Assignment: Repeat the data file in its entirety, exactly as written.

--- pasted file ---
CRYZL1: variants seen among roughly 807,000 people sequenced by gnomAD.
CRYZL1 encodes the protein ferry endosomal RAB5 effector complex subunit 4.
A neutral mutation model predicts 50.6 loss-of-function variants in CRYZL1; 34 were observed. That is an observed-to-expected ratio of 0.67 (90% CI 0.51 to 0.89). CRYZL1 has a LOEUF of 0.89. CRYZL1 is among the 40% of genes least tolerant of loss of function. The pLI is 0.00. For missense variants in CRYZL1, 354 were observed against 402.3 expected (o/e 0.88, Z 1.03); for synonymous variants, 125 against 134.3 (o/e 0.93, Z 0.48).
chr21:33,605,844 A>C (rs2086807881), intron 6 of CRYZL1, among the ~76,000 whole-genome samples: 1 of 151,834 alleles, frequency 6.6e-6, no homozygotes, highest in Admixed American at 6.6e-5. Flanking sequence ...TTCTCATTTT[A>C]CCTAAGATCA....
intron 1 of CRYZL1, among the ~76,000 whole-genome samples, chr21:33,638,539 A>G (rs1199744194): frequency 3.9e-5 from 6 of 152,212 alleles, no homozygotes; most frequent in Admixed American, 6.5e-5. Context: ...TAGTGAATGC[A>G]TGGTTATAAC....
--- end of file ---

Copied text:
CRYZL1: variants seen among roughly 807,000 people sequenced by gnomAD.
CRYZL1 encodes the protein ferry endosomal RAB5 effector complex subunit 4.
A neutral mutation model predicts 50.6 loss-of-function variants in CRYZL1; 34 were observed. That is an observed-to-expected ratio of 0.67 (90% CI 0.51 to 0.89). CRYZL1 has a LOEUF of 0.89. CRYZL1 is among the 40% of genes least tolerant of loss of function. The pLI is 0.00. For missense variants in CRYZL1, 354 were observed against 402.3 expected (o/e 0.88, Z 1.03); for synonymous variants, 125 against 134.3 (o/e 0.93, Z 0.48).
chr21:33,605,844 A>C (rs2086807881), intron 6 of CRYZL1, among the ~76,000 whole-genome samples: 1 of 151,834 alleles, frequency 6.6e-6, no homozygotes, highest in Admixed American at 6.6e-5. Flanking sequence ...TTCTCATTTT[A>C]CCTAAGATCA....
intron 1 of CRYZL1, among the ~76,000 whole-genome samples, chr21:33,638,539 A>G (rs1199744194): frequency 3.9e-5 from 6 of 152,212 alleles, no homozygotes; most frequent in Admixed American, 6.5e-5. Context: ...TAGTGAATGC[A>G]TGGTTATAAC....